Fancy expensive designer shops are out for me as I’m a size 18, sometimes 20, and I therefore do not count as a woman to them…
… Then I went onto Twitter and it was like a pin to my excitable red balloon. Literally thousands of messages from people criticising my appearance. I was fat and ugly as per usual. My dress (the one that caused ooohs in a department store fitting room?) was destroyed by the masses. I looked like a nana, my dress was disgusting, was it made out of curtains, why was I wearing black shoes with it. I cried. I cried in the car.
And that wasn’t the end. The next day, I was in newspapers pilloried for what I was wearing. I was discussed and pulled apart on Lorraine.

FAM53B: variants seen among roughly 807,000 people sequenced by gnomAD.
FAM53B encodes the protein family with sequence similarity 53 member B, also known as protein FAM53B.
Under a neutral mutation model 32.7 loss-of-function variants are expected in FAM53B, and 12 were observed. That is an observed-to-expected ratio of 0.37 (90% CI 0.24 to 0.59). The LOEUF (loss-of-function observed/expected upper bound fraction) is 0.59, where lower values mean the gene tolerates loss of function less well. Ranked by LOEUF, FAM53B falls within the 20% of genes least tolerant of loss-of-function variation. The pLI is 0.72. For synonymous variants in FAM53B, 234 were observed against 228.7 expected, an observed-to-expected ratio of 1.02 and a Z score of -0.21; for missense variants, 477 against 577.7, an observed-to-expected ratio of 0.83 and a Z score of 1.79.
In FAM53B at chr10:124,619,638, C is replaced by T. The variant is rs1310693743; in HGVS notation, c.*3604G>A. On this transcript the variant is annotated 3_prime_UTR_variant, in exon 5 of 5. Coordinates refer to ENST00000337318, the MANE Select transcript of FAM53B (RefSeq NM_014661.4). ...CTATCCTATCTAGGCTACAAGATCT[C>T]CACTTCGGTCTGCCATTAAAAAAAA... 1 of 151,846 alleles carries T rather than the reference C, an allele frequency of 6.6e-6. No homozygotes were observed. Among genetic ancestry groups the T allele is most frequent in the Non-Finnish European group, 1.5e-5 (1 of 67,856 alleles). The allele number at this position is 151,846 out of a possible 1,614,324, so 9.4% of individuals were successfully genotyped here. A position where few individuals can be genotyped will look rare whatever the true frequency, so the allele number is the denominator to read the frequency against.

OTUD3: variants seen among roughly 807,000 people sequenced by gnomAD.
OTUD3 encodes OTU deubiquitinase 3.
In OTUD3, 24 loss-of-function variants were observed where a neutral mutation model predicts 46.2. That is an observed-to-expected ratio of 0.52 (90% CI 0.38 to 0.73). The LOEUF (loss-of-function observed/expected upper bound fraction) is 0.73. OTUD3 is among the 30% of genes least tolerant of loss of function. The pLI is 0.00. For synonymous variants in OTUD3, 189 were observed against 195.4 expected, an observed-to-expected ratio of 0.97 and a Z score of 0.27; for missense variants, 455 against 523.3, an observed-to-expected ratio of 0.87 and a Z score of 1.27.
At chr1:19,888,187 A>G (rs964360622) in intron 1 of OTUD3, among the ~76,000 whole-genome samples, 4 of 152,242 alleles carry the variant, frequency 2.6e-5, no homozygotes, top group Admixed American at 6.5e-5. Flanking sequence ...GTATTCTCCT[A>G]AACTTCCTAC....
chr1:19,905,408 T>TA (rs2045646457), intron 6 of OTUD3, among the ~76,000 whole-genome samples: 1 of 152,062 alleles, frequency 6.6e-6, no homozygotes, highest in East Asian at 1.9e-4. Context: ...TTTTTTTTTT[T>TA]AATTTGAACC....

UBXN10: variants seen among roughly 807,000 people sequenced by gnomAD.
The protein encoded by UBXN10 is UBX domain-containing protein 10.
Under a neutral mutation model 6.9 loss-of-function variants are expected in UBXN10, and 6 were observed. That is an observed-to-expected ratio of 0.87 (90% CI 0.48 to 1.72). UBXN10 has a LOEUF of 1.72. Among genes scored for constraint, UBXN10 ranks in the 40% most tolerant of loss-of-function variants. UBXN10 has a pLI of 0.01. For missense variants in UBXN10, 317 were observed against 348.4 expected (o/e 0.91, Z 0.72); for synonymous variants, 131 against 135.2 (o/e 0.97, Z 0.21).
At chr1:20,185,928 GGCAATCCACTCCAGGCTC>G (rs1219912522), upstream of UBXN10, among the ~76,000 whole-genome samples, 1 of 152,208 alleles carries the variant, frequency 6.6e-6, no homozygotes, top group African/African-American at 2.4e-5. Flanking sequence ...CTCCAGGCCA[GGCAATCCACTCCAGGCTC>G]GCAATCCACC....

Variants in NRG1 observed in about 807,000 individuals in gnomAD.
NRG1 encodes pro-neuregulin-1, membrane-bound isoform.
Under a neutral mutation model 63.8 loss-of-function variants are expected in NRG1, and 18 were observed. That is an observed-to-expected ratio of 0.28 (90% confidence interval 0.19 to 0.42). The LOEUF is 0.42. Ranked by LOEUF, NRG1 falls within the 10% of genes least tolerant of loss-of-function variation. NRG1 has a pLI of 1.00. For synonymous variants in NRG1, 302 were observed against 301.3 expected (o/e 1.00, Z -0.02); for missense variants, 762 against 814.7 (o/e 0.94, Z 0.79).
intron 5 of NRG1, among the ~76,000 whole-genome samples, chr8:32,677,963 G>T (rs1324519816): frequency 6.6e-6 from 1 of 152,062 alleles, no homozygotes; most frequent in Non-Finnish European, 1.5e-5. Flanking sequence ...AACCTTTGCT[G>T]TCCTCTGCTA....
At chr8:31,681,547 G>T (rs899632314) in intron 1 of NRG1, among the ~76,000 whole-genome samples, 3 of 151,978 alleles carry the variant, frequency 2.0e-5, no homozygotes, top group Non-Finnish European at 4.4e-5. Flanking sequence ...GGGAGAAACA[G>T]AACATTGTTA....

I’m sorry. I thought I had been invited to such an illustrious event because I am good at my job. Putting clothes on is such a small part of my day. They may as well have been criticising me for brushing my teeth differently to them.
Yes, there were lovely messages from my fans between the hate but the hate was dominant and made me upset at first and then furious. Why does it matter so much what I was wearing? Why did no one ask my husband where he got his suit from? I felt wonderful in that dress. And surely that’s all that counts. I made a decision the following day that should I ever be invited to attend the Baftas again, I will wear the same dress. To make the point that it doesn’t matter what I wear; that’s not what I’m being judged on.
You can read Sarah Millican’s full essay here.